On This Sunday: Only one so far?

On This Sunday, I’m glad the midterm elections are finally behind us. The results were truly disappointing and I won’t miss any of that.

When it comes to the racial composition of congressional leaders, among the Asian-Pacific Americans that currently serve or have served in Congress, only one was Korean-American — Rep. Jay Kim, a Republican who represented a district in Diamond Bar, Los Angeles County from 1993 to 1999. Makes sense since Diamond Bar has a significant concentration of Korean-Americans along with the L.A. area being home to the largest Korean population outside the two Koreas.

Unless someone beats me to it within the next ten to twenty years, I hope to be the second Korean-American to serve in Congress as well as the first Democrat in the legislative body. It could likely be a district in California or some other state that I may find myself in down the line. Wherever it happens, I would be honored to make a difference on many levels.

Have a wonderful week, America.


Election 2010: The Stakes are High for Everyone

Courtesy: whiteafrican via Flickr

Tomorrow, voters across the country will march to their local polling precincts to cast their ballots in what will become one of the most important elections in modern history.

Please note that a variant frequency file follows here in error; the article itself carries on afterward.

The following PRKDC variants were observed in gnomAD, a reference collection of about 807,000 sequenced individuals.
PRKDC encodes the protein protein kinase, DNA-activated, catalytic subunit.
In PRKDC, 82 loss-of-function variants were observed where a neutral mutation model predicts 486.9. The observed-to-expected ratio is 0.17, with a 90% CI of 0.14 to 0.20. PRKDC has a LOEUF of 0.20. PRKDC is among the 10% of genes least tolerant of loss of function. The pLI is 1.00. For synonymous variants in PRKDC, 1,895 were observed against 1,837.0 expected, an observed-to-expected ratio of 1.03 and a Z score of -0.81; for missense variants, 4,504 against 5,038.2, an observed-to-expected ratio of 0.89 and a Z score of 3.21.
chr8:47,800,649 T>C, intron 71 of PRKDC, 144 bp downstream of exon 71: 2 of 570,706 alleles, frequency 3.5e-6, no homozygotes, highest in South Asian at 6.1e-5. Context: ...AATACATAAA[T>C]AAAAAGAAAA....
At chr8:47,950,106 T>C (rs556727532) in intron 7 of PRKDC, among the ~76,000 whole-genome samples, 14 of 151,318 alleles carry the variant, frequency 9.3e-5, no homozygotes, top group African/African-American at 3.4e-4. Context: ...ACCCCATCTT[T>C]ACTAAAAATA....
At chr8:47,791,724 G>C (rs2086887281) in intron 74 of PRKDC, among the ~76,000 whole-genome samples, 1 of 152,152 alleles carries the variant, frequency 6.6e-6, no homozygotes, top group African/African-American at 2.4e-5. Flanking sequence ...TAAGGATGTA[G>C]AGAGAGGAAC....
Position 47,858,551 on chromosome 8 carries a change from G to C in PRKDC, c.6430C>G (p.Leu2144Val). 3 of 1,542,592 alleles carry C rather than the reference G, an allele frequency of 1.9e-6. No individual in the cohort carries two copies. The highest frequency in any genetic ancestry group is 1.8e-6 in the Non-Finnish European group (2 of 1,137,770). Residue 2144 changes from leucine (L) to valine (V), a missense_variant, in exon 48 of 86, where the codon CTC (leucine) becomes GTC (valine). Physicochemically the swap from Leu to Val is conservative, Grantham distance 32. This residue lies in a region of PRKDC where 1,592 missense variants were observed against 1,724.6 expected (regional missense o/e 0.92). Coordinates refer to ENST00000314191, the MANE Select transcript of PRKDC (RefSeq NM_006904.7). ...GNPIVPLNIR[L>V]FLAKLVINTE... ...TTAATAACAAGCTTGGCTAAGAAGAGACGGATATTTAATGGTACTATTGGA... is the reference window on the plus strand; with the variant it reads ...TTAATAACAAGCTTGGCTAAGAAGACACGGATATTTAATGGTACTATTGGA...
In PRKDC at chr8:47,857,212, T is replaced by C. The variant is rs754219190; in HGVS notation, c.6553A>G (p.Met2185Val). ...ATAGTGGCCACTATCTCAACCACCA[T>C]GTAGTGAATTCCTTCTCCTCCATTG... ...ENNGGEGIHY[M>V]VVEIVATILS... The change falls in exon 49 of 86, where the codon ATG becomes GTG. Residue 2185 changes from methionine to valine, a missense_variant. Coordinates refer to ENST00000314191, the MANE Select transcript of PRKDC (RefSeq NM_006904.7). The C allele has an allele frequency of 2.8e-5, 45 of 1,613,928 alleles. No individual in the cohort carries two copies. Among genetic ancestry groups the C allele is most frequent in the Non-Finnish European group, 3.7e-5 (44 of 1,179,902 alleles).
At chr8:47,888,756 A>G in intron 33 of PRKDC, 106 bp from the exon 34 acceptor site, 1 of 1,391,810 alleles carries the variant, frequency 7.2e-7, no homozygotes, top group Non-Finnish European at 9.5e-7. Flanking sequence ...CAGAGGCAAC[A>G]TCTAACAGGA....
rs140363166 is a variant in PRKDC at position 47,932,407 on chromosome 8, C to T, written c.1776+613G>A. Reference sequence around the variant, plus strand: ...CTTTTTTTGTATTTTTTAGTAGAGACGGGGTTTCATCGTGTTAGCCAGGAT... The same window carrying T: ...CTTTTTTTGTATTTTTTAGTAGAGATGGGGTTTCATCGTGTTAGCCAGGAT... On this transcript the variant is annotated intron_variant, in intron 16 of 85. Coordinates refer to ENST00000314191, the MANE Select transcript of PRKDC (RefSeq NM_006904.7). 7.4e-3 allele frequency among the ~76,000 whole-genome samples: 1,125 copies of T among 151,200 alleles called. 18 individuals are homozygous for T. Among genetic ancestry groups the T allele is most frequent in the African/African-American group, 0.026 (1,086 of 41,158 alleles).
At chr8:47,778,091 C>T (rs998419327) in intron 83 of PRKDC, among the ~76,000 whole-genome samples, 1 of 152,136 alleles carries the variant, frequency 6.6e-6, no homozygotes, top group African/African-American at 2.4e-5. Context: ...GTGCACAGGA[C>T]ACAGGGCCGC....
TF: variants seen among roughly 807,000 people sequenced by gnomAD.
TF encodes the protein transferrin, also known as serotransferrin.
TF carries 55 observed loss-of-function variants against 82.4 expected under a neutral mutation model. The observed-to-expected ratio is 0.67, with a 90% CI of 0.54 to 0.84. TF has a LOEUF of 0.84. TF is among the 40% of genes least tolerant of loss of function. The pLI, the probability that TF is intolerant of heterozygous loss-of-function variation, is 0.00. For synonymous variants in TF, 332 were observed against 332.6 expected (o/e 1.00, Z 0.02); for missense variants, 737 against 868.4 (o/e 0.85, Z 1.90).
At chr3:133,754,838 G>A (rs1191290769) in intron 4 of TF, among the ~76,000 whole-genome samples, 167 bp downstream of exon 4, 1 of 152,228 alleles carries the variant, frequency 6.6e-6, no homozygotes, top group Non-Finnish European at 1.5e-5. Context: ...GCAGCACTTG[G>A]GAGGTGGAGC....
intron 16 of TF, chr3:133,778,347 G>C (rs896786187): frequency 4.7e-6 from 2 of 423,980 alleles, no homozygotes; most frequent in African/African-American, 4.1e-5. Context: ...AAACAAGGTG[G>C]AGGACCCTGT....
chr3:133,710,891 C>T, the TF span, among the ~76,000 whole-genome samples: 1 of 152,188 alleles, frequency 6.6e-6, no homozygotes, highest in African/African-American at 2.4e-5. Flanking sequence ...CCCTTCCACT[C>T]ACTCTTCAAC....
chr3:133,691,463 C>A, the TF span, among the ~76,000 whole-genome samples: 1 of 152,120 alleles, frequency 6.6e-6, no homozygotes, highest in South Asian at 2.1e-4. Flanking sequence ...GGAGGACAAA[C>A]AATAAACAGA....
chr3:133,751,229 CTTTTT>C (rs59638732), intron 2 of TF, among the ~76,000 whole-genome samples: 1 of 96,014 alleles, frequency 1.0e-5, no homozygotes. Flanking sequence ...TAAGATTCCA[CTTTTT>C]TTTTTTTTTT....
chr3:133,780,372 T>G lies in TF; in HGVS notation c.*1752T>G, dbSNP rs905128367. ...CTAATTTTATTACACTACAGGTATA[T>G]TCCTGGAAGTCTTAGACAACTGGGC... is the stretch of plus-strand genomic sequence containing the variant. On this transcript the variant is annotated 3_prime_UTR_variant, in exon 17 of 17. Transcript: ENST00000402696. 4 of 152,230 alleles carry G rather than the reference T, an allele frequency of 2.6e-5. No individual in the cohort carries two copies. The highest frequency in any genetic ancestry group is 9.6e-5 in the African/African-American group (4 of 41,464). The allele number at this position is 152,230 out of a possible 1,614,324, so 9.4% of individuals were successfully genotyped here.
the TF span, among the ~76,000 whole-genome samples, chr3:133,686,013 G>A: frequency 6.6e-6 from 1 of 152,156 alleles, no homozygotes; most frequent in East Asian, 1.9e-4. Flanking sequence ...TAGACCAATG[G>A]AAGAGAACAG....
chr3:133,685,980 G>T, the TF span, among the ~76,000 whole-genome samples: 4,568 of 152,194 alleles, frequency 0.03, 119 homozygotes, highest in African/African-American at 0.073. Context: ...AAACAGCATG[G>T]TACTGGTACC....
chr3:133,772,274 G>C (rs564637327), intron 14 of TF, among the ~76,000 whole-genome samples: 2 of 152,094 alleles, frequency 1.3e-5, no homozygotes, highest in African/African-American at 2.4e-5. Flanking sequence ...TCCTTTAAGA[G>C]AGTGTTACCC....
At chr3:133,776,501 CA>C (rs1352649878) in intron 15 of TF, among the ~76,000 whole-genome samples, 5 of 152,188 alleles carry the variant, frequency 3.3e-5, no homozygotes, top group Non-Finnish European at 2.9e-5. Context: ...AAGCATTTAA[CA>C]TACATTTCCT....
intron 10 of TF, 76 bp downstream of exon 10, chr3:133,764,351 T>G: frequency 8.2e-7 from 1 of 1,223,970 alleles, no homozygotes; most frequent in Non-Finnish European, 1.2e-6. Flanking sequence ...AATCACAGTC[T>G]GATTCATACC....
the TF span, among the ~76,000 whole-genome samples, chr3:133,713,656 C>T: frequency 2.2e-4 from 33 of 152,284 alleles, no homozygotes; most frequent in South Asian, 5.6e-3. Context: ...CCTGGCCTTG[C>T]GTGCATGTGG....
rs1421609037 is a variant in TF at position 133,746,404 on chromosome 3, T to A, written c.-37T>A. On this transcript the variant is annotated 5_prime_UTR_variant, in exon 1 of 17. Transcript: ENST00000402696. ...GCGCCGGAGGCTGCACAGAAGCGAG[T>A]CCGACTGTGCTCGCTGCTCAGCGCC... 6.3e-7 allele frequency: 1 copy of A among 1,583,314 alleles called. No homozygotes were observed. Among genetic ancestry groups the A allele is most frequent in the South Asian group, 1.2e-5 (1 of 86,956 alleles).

With unemployment rates still high and the economy slow to recover, it is no surprise voters are angry and frustrated at politicians for failing to do enough to help turn things around. In tough times like this, people look for someone to blame and the easy targets are elected officials, especially those who make a career out of it.

This election is a referendum on elected leaders, both on the Republican side and Democratic side.

Polls show that the Republicans are poised for massive gains in the House as well as making some gains in the Senate and elsewhere. The huge gains in the House and Senate that helped expand the Democrats’ majority in 2006 and 2008 will undoubtedly be marginalized, owing to President Barack Obama’s low approval ratings. If the Democrats lose their majority, the next two years will be the toughest for President Obama as it will be harder for him to do his job with a Republican majority and a Democratic minority in Congress.

Even though I’m a registered independent that mainly votes Democrat, I’m not going to tell anyone how to vote. I’ve publicly expressed support for certain candidates and ballot propositions but I will let you make your own decisions.

However, I will implore you to do one thing and one thing only: vote.

Tomorrow, march to your local polling precinct and cast your ballot for the candidates and initiatives that you believe will help your community and country prosper. Not to sound like a Teabagger but by voting, you will send a message to elected officials locally, statewide and nationwide that the voters hold the ultimate power to hold them accountable for their actions in office and can just as easily throw them out of office if they are doing a lousy job.

Regardless of the outcome of the elections, America will recover from these tough times and better days are still ahead. No single party or ideology is right nor has the best answers or solutions. It is only by weathering these tough times and staying positive that we can all see a robust recovery and a better tomorrow. It may be difficult to do but that’s the only way we’ll get through it.